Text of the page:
A move by Indonesia to limit its raw minerals exports could hasten the development of a local processing industry, but the strategy has downside risks as buyers look to alternative sources.
A ban on foreign sales of key mineral ores, including nickel and bauxite, came into effect on January 12. Indonesia is a major global supplier of both minerals, accounting for 20% of bauxite production in the final quarter of 2013. Nickel is used in the manufacturing of steel while bauxite is a component in the production of aluminium.
In the months leading up to the effective date, there was some confusion in the marketplace, as the government vacillated on implementing the restrictions. The final regulation, issued by the Ministry of Energy and Mineral Resources, carved out exemptions for concentrates of copper, zinc, lead, manganese and iron ore, if they meet specified purity levels.
Restrictions on tin processing
The limits on foreign sales of mineral ores came in the wake of major changes to the processed tin market, where Indonesia is also a global leader. Last July, the government implemented new rules that raised minimum quality standards for tin smelters, followed by a requirement effective August 30 that all tin ingot trades be handled by the Indonesia Commodities and Derivatives Exchange (ICDX).
Response to the local trading rule has been mixed. Some smelters reacted poorly, saying it would increase warehousing and trading costs. But Sukrisno, the president-director of Timah, Indonesia’s largest tin exporter, told Bloomberg last October that the rule’s “objective is how we can create a reasonable price”.
Tin prices have been at historically low levels for a few years, leading Indonesia to idle some of its processing facilities in 2012.
Policies not without risks
The immediate effect of limiting trades to the ICDX was a slump in tin exports, although they recovered in the final two months of 2013, as more traders joined the exchange.
However, major buyers have started to look elsewhere for their tin and other minerals. China is seeking tin suppliers in Bolivia, Japan and Malaysia, and has turned to Africa for its bauxite requirements. Moreover, the Asian giant has had time to stockpile in preparation for the new regulations – according to international press reports, China has sufficient nickel reserves to last through the end of 2014.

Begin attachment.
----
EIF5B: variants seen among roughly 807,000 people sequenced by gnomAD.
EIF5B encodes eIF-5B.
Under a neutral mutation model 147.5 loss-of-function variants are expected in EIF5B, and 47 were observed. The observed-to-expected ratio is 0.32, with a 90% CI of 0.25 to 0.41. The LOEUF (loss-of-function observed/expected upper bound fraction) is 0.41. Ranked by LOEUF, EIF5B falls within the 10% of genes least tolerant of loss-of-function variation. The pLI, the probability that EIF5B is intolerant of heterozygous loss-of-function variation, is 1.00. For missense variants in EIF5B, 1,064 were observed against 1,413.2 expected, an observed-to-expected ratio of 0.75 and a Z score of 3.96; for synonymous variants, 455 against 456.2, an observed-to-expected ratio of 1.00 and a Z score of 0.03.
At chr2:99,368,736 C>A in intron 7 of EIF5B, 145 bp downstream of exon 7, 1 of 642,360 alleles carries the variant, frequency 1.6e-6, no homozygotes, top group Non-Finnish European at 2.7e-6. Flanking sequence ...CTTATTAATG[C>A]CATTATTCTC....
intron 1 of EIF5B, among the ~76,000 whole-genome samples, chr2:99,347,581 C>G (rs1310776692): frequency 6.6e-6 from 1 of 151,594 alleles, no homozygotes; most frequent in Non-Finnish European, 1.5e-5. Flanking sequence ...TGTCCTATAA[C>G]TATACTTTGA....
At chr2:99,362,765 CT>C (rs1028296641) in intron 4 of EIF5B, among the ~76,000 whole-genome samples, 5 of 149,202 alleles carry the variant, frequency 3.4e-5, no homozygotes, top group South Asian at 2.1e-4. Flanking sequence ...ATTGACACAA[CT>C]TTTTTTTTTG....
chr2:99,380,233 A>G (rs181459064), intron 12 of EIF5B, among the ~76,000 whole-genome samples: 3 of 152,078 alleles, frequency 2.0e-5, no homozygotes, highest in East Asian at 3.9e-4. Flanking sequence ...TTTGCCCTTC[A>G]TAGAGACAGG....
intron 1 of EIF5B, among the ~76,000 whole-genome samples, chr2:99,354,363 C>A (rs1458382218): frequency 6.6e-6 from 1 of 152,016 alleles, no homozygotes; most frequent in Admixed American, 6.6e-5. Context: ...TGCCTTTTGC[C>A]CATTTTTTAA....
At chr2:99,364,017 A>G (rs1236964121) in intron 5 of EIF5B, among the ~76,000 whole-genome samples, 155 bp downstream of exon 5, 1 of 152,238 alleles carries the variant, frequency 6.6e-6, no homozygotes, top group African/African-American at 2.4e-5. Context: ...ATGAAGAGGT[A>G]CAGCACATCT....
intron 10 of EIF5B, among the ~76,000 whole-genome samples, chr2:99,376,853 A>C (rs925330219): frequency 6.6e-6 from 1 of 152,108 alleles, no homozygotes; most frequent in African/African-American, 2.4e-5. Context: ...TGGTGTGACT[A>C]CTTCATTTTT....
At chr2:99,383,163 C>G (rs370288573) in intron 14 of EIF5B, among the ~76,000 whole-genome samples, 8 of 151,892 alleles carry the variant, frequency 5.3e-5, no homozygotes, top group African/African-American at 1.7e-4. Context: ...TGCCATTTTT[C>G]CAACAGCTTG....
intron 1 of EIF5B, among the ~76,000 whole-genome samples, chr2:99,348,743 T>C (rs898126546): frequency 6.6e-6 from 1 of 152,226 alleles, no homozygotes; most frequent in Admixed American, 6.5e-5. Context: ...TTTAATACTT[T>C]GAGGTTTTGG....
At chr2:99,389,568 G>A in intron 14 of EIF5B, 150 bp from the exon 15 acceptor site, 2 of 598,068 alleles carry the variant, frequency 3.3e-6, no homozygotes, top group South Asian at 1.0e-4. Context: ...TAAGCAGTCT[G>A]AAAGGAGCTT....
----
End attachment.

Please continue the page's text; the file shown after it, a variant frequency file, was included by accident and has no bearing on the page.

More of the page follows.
The effect on Indonesia’s exports is potentially significant, with the changes coming at a time when the country’s trade balance has worsened. In December Citigroup said the ban on ore exports would cut the current-account position by 0.3% of GDP.
Investments necessary to boost processing capacity
While there could be short-term costs, such as a hit to the trade balance and government revenues, the larger question is whether Indonesia will be able to reap the expected longer-term gains. At present, processing capacity is not sufficient to handle local ore production, and a number of bauxite mines have halted operations since the ban, lacking access to smelters.
One factor that could slow the development of processing facilities is the significant financial outlay required. Nickel miner Bintang Delapan is currently building a 300,000-tonnes-per-year ferronickel smelter in Sulawesi at a cost of $1.2bn. Large-scale industrial projects also require extensive infrastructure and utilities backing, which are costly to the state and require time to put in place.
Some analysts have suggested that the government may try to scale back ore export restrictions at least in the short run, both to boost export revenues and to give investors time to build processing facilities.
This year’s round of elections, with legislative polls in April and the presidential vote in July, could also have an impact on investment decisions, but the lack of clarity should dissipate by the third quarter.
An improvement in political certainty would go some way toward easing investor nerves when it comes to developing the costly downstream processing facilities that Indonesia needs to realise its industrialisation goals.